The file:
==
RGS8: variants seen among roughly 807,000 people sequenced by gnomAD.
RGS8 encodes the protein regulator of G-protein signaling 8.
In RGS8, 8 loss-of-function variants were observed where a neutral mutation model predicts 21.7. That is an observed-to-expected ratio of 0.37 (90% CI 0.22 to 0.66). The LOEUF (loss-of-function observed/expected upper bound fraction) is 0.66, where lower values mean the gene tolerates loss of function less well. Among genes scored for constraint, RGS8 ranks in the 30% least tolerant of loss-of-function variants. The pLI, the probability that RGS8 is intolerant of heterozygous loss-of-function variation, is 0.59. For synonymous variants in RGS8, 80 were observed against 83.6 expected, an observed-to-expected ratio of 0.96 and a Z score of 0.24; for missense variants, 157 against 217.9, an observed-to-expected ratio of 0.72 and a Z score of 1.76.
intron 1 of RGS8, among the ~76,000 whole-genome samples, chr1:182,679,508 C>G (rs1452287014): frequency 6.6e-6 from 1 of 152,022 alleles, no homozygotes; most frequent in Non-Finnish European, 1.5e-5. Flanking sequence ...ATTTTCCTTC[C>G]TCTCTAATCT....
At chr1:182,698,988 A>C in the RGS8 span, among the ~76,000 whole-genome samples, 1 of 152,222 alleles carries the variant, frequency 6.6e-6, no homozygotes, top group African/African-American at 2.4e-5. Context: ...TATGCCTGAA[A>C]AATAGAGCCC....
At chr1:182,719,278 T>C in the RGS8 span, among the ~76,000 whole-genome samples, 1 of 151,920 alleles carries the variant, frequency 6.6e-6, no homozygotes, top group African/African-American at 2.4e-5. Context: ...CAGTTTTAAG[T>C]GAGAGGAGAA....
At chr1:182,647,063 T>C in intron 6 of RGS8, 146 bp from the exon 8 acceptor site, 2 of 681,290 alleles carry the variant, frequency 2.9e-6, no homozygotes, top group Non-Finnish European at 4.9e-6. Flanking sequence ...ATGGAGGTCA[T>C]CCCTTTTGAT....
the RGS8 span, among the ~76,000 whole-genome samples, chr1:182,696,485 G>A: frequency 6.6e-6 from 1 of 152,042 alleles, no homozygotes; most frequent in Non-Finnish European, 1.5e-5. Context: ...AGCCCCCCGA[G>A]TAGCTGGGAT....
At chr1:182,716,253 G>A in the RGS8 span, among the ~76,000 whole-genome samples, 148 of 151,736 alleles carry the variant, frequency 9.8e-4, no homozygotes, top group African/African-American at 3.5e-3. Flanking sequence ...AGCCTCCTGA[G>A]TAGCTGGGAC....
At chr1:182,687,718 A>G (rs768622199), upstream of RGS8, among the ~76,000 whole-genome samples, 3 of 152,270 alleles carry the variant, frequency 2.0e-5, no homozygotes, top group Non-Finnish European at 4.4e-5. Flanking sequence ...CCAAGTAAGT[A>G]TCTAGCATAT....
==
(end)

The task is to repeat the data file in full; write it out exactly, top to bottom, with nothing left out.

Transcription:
RGS8: variants seen among roughly 807,000 people sequenced by gnomAD.
RGS8 encodes the protein regulator of G-protein signaling 8.
In RGS8, 8 loss-of-function variants were observed where a neutral mutation model predicts 21.7. That is an observed-to-expected ratio of 0.37 (90% CI 0.22 to 0.66). The LOEUF (loss-of-function observed/expected upper bound fraction) is 0.66, where lower values mean the gene tolerates loss of function less well. Among genes scored for constraint, RGS8 ranks in the 30% least tolerant of loss-of-function variants. The pLI, the probability that RGS8 is intolerant of heterozygous loss-of-function variation, is 0.59. For synonymous variants in RGS8, 80 were observed against 83.6 expected, an observed-to-expected ratio of 0.96 and a Z score of 0.24; for missense variants, 157 against 217.9, an observed-to-expected ratio of 0.72 and a Z score of 1.76.
intron 1 of RGS8, among the ~76,000 whole-genome samples, chr1:182,679,508 C>G (rs1452287014): frequency 6.6e-6 from 1 of 152,022 alleles, no homozygotes; most frequent in Non-Finnish European, 1.5e-5. Flanking sequence ...ATTTTCCTTC[C>G]TCTCTAATCT....
At chr1:182,698,988 A>C in the RGS8 span, among the ~76,000 whole-genome samples, 1 of 152,222 alleles carries the variant, frequency 6.6e-6, no homozygotes, top group African/African-American at 2.4e-5. Context: ...TATGCCTGAA[A>C]AATAGAGCCC....
At chr1:182,719,278 T>C in the RGS8 span, among the ~76,000 whole-genome samples, 1 of 151,920 alleles carries the variant, frequency 6.6e-6, no homozygotes, top group African/African-American at 2.4e-5. Context: ...CAGTTTTAAG[T>C]GAGAGGAGAA....
At chr1:182,647,063 T>C in intron 6 of RGS8, 146 bp from the exon 8 acceptor site, 2 of 681,290 alleles carry the variant, frequency 2.9e-6, no homozygotes, top group Non-Finnish European at 4.9e-6. Flanking sequence ...ATGGAGGTCA[T>C]CCCTTTTGAT....
the RGS8 span, among the ~76,000 whole-genome samples, chr1:182,696,485 G>A: frequency 6.6e-6 from 1 of 152,042 alleles, no homozygotes; most frequent in Non-Finnish European, 1.5e-5. Context: ...AGCCCCCCGA[G>A]TAGCTGGGAT....
At chr1:182,716,253 G>A in the RGS8 span, among the ~76,000 whole-genome samples, 148 of 151,736 alleles carry the variant, frequency 9.8e-4, no homozygotes, top group African/African-American at 3.5e-3. Flanking sequence ...AGCCTCCTGA[G>A]TAGCTGGGAC....
At chr1:182,687,718 A>G (rs768622199), upstream of RGS8, among the ~76,000 whole-genome samples, 3 of 152,270 alleles carry the variant, frequency 2.0e-5, no homozygotes, top group Non-Finnish European at 4.4e-5. Flanking sequence ...CCAAGTAAGT[A>G]TCTAGCATAT....